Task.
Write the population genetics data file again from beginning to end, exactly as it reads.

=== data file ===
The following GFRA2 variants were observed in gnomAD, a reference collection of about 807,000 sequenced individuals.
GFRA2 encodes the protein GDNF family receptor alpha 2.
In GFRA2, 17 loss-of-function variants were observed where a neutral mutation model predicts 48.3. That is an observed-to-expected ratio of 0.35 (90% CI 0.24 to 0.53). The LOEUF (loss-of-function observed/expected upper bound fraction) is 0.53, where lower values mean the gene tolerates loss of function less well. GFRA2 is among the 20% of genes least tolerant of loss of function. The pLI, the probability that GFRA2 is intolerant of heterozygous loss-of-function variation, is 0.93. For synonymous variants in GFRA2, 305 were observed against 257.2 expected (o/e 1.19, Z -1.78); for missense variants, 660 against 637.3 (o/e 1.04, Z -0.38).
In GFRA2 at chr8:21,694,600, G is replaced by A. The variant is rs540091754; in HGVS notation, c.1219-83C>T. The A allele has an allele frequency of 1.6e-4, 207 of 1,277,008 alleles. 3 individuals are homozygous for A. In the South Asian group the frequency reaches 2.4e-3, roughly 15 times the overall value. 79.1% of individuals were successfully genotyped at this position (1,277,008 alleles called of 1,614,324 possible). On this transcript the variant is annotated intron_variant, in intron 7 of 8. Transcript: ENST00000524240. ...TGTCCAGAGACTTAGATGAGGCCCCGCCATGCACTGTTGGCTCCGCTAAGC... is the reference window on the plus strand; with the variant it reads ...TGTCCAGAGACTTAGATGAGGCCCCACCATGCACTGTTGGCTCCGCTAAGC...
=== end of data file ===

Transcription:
The following GFRA2 variants were observed in gnomAD, a reference collection of about 807,000 sequenced individuals.
GFRA2 encodes the protein GDNF family receptor alpha 2.
In GFRA2, 17 loss-of-function variants were observed where a neutral mutation model predicts 48.3. That is an observed-to-expected ratio of 0.35 (90% CI 0.24 to 0.53). The LOEUF (loss-of-function observed/expected upper bound fraction) is 0.53, where lower values mean the gene tolerates loss of function less well. GFRA2 is among the 20% of genes least tolerant of loss of function. The pLI, the probability that GFRA2 is intolerant of heterozygous loss-of-function variation, is 0.93. For synonymous variants in GFRA2, 305 were observed against 257.2 expected (o/e 1.19, Z -1.78); for missense variants, 660 against 637.3 (o/e 1.04, Z -0.38).
In GFRA2 at chr8:21,694,600, G is replaced by A. The variant is rs540091754; in HGVS notation, c.1219-83C>T. The A allele has an allele frequency of 1.6e-4, 207 of 1,277,008 alleles. 3 individuals are homozygous for A. In the South Asian group the frequency reaches 2.4e-3, roughly 15 times the overall value. 79.1% of individuals were successfully genotyped at this position (1,277,008 alleles called of 1,614,324 possible). On this transcript the variant is annotated intron_variant, in intron 7 of 8. Transcript: ENST00000524240. ...TGTCCAGAGACTTAGATGAGGCCCCGCCATGCACTGTTGGCTCCGCTAAGC... is the reference window on the plus strand; with the variant it reads ...TGTCCAGAGACTTAGATGAGGCCCCACCATGCACTGTTGGCTCCGCTAAGC...